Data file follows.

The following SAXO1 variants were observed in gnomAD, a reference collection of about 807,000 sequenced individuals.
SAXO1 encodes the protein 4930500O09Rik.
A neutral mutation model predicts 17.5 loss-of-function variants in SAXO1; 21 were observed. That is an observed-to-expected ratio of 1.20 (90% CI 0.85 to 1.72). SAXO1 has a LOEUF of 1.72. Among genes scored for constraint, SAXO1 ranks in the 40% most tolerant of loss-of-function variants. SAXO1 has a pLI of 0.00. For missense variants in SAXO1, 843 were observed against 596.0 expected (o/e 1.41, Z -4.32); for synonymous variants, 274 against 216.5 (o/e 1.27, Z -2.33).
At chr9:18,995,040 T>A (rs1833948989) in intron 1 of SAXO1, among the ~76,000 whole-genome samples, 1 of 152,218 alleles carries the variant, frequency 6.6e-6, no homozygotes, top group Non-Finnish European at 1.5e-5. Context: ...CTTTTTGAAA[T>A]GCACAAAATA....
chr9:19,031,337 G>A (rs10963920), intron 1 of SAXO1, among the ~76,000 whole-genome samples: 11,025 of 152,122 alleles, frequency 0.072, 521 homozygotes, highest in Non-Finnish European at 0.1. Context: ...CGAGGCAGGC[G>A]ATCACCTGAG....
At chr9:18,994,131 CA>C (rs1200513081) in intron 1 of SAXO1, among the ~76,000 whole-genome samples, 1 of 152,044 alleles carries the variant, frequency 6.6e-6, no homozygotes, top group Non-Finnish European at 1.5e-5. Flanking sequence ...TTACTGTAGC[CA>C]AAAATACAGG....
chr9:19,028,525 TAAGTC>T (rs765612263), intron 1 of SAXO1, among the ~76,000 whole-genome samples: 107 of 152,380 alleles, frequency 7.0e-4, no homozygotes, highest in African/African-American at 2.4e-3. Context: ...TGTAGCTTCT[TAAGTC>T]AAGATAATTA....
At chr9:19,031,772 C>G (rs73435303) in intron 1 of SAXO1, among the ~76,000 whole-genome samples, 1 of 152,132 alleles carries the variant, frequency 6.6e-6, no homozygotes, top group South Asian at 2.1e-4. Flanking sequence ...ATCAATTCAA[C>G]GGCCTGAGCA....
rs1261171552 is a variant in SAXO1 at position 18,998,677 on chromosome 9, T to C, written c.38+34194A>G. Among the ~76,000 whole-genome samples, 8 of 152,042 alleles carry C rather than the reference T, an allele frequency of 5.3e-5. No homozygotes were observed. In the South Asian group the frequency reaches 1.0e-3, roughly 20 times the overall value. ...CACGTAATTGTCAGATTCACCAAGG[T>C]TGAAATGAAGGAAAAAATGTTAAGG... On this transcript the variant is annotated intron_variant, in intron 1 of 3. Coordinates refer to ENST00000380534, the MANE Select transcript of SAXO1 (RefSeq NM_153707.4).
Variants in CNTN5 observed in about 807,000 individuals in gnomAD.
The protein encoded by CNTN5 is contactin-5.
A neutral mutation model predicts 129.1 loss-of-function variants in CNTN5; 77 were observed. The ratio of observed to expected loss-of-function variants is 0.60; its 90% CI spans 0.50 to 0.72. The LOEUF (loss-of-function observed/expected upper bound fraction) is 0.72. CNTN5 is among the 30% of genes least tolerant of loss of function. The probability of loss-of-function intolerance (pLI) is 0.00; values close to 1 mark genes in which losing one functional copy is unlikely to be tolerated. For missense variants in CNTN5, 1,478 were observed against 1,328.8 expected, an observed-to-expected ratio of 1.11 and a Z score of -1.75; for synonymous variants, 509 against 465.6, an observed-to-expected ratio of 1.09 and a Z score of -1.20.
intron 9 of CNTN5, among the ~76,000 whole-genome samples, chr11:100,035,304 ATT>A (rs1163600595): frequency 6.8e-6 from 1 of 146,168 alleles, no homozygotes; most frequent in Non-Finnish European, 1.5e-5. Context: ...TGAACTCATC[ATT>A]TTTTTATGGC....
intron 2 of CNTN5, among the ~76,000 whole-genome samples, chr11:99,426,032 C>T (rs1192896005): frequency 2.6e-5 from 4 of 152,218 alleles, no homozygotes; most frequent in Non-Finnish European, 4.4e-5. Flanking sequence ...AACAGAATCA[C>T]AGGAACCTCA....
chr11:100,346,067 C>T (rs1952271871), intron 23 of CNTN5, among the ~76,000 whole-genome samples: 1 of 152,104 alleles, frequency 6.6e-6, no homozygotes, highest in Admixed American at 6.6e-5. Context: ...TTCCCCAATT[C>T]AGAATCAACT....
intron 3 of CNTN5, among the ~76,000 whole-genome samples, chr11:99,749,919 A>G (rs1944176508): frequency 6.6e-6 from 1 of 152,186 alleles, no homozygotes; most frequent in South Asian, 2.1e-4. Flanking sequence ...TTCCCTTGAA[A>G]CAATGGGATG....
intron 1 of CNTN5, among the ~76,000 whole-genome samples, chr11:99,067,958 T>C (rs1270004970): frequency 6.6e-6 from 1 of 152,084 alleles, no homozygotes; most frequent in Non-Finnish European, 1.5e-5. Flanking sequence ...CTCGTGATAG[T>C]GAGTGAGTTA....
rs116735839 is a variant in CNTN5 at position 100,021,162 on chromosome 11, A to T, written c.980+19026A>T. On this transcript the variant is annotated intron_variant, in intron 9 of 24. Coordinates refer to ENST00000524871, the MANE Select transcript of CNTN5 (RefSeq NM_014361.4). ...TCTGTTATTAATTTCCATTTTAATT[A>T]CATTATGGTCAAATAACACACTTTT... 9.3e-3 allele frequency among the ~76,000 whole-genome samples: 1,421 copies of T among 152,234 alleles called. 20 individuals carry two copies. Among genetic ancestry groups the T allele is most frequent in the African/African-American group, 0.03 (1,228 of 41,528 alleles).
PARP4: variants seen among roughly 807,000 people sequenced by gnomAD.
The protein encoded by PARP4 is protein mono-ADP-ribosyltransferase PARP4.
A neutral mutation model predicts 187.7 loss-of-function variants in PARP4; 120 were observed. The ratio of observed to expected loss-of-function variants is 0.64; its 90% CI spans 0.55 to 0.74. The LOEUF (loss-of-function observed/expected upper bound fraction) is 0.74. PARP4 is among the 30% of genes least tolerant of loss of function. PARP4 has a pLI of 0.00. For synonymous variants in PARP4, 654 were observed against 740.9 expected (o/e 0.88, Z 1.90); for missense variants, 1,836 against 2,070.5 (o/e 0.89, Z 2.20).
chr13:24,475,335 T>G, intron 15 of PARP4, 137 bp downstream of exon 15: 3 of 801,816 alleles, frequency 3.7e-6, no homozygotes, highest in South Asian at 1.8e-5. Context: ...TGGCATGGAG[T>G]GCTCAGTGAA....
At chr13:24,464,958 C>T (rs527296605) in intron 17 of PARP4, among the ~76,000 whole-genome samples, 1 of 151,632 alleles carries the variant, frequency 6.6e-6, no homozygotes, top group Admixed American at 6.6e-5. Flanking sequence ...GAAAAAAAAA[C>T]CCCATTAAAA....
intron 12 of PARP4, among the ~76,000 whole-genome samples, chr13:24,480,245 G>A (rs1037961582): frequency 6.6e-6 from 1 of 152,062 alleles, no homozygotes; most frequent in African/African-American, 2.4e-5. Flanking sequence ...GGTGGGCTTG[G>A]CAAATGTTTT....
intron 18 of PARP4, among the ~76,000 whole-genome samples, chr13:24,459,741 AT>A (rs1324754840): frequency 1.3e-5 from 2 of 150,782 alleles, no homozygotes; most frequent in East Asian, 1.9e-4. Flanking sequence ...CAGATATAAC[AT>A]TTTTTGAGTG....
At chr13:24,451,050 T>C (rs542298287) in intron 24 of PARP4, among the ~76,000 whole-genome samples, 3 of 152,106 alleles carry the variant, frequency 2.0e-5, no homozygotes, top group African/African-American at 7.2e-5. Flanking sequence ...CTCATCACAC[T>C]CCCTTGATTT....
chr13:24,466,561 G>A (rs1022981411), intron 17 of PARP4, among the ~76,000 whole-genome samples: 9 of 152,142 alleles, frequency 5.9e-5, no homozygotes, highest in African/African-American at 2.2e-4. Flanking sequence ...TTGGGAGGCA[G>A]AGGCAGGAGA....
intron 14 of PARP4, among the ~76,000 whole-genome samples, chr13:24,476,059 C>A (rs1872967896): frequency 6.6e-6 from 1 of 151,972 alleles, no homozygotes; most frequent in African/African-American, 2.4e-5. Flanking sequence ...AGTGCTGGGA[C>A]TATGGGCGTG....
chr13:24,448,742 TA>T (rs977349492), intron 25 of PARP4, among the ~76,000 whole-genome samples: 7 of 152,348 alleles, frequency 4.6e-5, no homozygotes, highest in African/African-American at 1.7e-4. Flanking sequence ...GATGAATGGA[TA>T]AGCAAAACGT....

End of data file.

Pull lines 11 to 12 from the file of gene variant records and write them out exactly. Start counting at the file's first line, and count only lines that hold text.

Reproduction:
The protein encoded by CNTN5 is contactin-5.
A neutral mutation model predicts 129.1 loss-of-function variants in CNTN5; 77 were observed. The ratio of observed to expected loss-of-function variants is 0.60; its 90% CI spans 0.50 to 0.72. The LOEUF (loss-of-function observed/expected upper bound fraction) is 0.72. CNTN5 is among the 30% of genes least tolerant of loss of function. The probability of loss-of-function intolerance (pLI) is 0.00; values close to 1 mark genes in which losing one functional copy is unlikely to be tolerated. For missense variants in CNTN5, 1,478 were observed against 1,328.8 expected, an observed-to-expected ratio of 1.11 and a Z score of -1.75; for synonymous variants, 509 against 465.6, an observed-to-expected ratio of 1.09 and a Z score of -1.20.